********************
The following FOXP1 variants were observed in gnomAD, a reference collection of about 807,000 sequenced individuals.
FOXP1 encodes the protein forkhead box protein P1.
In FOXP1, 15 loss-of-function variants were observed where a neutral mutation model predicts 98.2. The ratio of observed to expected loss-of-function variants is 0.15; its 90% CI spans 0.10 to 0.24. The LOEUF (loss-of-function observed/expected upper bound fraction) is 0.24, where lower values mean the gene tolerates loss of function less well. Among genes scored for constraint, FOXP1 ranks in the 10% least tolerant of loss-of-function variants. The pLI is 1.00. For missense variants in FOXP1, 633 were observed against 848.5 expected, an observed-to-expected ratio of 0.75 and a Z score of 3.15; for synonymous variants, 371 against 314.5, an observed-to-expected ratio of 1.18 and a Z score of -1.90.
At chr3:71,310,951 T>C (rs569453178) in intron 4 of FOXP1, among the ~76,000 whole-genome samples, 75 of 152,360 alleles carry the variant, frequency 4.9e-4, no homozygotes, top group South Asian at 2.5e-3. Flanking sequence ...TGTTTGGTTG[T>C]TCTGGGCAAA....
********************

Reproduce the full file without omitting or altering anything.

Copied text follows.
The following FOXP1 variants were observed in gnomAD, a reference collection of about 807,000 sequenced individuals.
FOXP1 encodes the protein forkhead box protein P1.
In FOXP1, 15 loss-of-function variants were observed where a neutral mutation model predicts 98.2. The ratio of observed to expected loss-of-function variants is 0.15; its 90% CI spans 0.10 to 0.24. The LOEUF (loss-of-function observed/expected upper bound fraction) is 0.24, where lower values mean the gene tolerates loss of function less well. Among genes scored for constraint, FOXP1 ranks in the 10% least tolerant of loss-of-function variants. The pLI is 1.00. For missense variants in FOXP1, 633 were observed against 848.5 expected, an observed-to-expected ratio of 0.75 and a Z score of 3.15; for synonymous variants, 371 against 314.5, an observed-to-expected ratio of 1.18 and a Z score of -1.90.
At chr3:71,310,951 T>C (rs569453178) in intron 4 of FOXP1, among the ~76,000 whole-genome samples, 75 of 152,360 alleles carry the variant, frequency 4.9e-4, no homozygotes, top group South Asian at 2.5e-3. Flanking sequence ...TGTTTGGTTG[T>C]TCTGGGCAAA....